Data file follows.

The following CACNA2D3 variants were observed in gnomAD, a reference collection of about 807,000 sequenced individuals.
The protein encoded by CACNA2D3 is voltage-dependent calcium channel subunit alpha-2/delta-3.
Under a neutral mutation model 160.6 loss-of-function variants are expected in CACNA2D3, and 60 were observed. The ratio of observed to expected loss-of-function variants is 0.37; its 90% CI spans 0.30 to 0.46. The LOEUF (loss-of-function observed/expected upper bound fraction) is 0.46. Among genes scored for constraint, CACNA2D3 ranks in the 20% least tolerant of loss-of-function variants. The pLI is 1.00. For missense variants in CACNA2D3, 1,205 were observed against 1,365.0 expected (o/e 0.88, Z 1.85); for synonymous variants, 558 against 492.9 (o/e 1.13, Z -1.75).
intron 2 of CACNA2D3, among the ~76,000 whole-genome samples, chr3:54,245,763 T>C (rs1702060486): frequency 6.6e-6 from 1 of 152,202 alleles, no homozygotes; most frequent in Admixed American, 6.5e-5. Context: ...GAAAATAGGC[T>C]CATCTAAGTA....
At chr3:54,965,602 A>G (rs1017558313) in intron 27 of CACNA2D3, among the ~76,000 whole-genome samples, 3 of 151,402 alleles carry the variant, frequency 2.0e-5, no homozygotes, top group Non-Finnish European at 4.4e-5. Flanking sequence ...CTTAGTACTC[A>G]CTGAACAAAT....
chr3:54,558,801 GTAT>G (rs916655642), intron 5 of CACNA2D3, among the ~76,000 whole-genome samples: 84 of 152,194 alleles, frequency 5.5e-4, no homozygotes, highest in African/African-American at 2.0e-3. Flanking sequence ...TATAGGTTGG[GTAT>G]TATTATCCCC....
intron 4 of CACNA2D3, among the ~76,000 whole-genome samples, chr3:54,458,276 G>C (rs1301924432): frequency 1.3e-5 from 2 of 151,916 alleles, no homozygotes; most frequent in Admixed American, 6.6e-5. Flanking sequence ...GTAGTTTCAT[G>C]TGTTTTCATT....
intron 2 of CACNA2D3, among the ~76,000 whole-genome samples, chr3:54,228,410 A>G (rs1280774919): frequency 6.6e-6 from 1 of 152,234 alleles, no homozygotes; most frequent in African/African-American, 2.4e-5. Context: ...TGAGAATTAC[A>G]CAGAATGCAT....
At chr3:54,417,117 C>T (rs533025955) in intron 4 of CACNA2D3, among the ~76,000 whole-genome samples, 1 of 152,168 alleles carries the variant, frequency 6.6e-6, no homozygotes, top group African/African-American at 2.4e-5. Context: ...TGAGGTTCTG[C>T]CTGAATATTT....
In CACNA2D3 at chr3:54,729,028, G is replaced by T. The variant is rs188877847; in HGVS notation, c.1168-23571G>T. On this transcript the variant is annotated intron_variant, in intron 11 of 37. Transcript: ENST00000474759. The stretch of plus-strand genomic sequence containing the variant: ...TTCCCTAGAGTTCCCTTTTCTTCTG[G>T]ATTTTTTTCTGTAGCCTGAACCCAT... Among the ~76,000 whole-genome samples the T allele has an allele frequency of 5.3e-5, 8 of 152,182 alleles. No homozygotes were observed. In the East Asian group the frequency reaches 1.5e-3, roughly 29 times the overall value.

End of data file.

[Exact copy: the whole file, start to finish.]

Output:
The following CACNA2D3 variants were observed in gnomAD, a reference collection of about 807,000 sequenced individuals.
The protein encoded by CACNA2D3 is voltage-dependent calcium channel subunit alpha-2/delta-3.
Under a neutral mutation model 160.6 loss-of-function variants are expected in CACNA2D3, and 60 were observed. The ratio of observed to expected loss-of-function variants is 0.37; its 90% CI spans 0.30 to 0.46. The LOEUF (loss-of-function observed/expected upper bound fraction) is 0.46. Among genes scored for constraint, CACNA2D3 ranks in the 20% least tolerant of loss-of-function variants. The pLI is 1.00. For missense variants in CACNA2D3, 1,205 were observed against 1,365.0 expected (o/e 0.88, Z 1.85); for synonymous variants, 558 against 492.9 (o/e 1.13, Z -1.75).
intron 2 of CACNA2D3, among the ~76,000 whole-genome samples, chr3:54,245,763 T>C (rs1702060486): frequency 6.6e-6 from 1 of 152,202 alleles, no homozygotes; most frequent in Admixed American, 6.5e-5. Context: ...GAAAATAGGC[T>C]CATCTAAGTA....
At chr3:54,965,602 A>G (rs1017558313) in intron 27 of CACNA2D3, among the ~76,000 whole-genome samples, 3 of 151,402 alleles carry the variant, frequency 2.0e-5, no homozygotes, top group Non-Finnish European at 4.4e-5. Flanking sequence ...CTTAGTACTC[A>G]CTGAACAAAT....
chr3:54,558,801 GTAT>G (rs916655642), intron 5 of CACNA2D3, among the ~76,000 whole-genome samples: 84 of 152,194 alleles, frequency 5.5e-4, no homozygotes, highest in African/African-American at 2.0e-3. Flanking sequence ...TATAGGTTGG[GTAT>G]TATTATCCCC....
intron 4 of CACNA2D3, among the ~76,000 whole-genome samples, chr3:54,458,276 G>C (rs1301924432): frequency 1.3e-5 from 2 of 151,916 alleles, no homozygotes; most frequent in Admixed American, 6.6e-5. Flanking sequence ...GTAGTTTCAT[G>C]TGTTTTCATT....
intron 2 of CACNA2D3, among the ~76,000 whole-genome samples, chr3:54,228,410 A>G (rs1280774919): frequency 6.6e-6 from 1 of 152,234 alleles, no homozygotes; most frequent in African/African-American, 2.4e-5. Context: ...TGAGAATTAC[A>G]CAGAATGCAT....
At chr3:54,417,117 C>T (rs533025955) in intron 4 of CACNA2D3, among the ~76,000 whole-genome samples, 1 of 152,168 alleles carries the variant, frequency 6.6e-6, no homozygotes, top group African/African-American at 2.4e-5. Context: ...TGAGGTTCTG[C>T]CTGAATATTT....
In CACNA2D3 at chr3:54,729,028, G is replaced by T. The variant is rs188877847; in HGVS notation, c.1168-23571G>T. On this transcript the variant is annotated intron_variant, in intron 11 of 37. Transcript: ENST00000474759. The stretch of plus-strand genomic sequence containing the variant: ...TTCCCTAGAGTTCCCTTTTCTTCTG[G>T]ATTTTTTTCTGTAGCCTGAACCCAT... Among the ~76,000 whole-genome samples the T allele has an allele frequency of 5.3e-5, 8 of 152,182 alleles. No homozygotes were observed. In the East Asian group the frequency reaches 1.5e-3, roughly 29 times the overall value.